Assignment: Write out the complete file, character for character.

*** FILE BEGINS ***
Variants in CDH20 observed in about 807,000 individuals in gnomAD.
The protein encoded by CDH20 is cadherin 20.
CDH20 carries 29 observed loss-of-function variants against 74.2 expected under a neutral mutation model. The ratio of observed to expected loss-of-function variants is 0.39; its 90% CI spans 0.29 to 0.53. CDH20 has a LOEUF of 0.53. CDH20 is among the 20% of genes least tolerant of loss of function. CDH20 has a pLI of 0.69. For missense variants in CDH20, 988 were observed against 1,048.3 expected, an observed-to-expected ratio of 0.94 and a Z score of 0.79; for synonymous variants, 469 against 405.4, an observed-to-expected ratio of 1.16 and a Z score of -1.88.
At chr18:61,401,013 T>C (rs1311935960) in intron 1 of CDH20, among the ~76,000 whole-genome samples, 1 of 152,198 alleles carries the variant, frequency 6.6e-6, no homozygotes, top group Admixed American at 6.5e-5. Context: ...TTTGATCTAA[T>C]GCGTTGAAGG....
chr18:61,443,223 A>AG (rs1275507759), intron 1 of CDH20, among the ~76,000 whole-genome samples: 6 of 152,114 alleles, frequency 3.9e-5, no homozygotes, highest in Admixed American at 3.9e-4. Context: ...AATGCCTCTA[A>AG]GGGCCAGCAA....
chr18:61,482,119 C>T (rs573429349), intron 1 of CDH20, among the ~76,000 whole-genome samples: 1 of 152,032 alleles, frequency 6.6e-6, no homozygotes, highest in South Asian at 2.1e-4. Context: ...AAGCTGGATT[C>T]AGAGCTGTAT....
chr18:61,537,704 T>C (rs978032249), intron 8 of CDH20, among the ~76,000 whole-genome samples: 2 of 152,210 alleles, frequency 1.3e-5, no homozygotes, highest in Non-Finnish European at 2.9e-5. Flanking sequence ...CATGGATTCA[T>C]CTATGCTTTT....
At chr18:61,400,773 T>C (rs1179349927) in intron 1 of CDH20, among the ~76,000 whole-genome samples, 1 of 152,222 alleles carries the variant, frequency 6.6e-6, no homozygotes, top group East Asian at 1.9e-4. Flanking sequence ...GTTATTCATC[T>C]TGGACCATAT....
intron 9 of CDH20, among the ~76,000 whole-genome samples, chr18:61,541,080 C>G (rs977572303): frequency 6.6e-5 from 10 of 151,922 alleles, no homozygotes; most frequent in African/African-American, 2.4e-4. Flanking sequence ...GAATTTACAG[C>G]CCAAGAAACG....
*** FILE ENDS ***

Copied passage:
Variants in CDH20 observed in about 807,000 individuals in gnomAD.
The protein encoded by CDH20 is cadherin 20.
CDH20 carries 29 observed loss-of-function variants against 74.2 expected under a neutral mutation model. The ratio of observed to expected loss-of-function variants is 0.39; its 90% CI spans 0.29 to 0.53. CDH20 has a LOEUF of 0.53. CDH20 is among the 20% of genes least tolerant of loss of function. CDH20 has a pLI of 0.69. For missense variants in CDH20, 988 were observed against 1,048.3 expected, an observed-to-expected ratio of 0.94 and a Z score of 0.79; for synonymous variants, 469 against 405.4, an observed-to-expected ratio of 1.16 and a Z score of -1.88.
At chr18:61,401,013 T>C (rs1311935960) in intron 1 of CDH20, among the ~76,000 whole-genome samples, 1 of 152,198 alleles carries the variant, frequency 6.6e-6, no homozygotes, top group Admixed American at 6.5e-5. Context: ...TTTGATCTAA[T>C]GCGTTGAAGG....
chr18:61,443,223 A>AG (rs1275507759), intron 1 of CDH20, among the ~76,000 whole-genome samples: 6 of 152,114 alleles, frequency 3.9e-5, no homozygotes, highest in Admixed American at 3.9e-4. Context: ...AATGCCTCTA[A>AG]GGGCCAGCAA....
chr18:61,482,119 C>T (rs573429349), intron 1 of CDH20, among the ~76,000 whole-genome samples: 1 of 152,032 alleles, frequency 6.6e-6, no homozygotes, highest in South Asian at 2.1e-4. Context: ...AAGCTGGATT[C>T]AGAGCTGTAT....
chr18:61,537,704 T>C (rs978032249), intron 8 of CDH20, among the ~76,000 whole-genome samples: 2 of 152,210 alleles, frequency 1.3e-5, no homozygotes, highest in Non-Finnish European at 2.9e-5. Flanking sequence ...CATGGATTCA[T>C]CTATGCTTTT....
At chr18:61,400,773 T>C (rs1179349927) in intron 1 of CDH20, among the ~76,000 whole-genome samples, 1 of 152,222 alleles carries the variant, frequency 6.6e-6, no homozygotes, top group East Asian at 1.9e-4. Flanking sequence ...GTTATTCATC[T>C]TGGACCATAT....
intron 9 of CDH20, among the ~76,000 whole-genome samples, chr18:61,541,080 C>G (rs977572303): frequency 6.6e-5 from 10 of 151,922 alleles, no homozygotes; most frequent in African/African-American, 2.4e-4. Flanking sequence ...GAATTTACAG[C>G]CCAAGAAACG....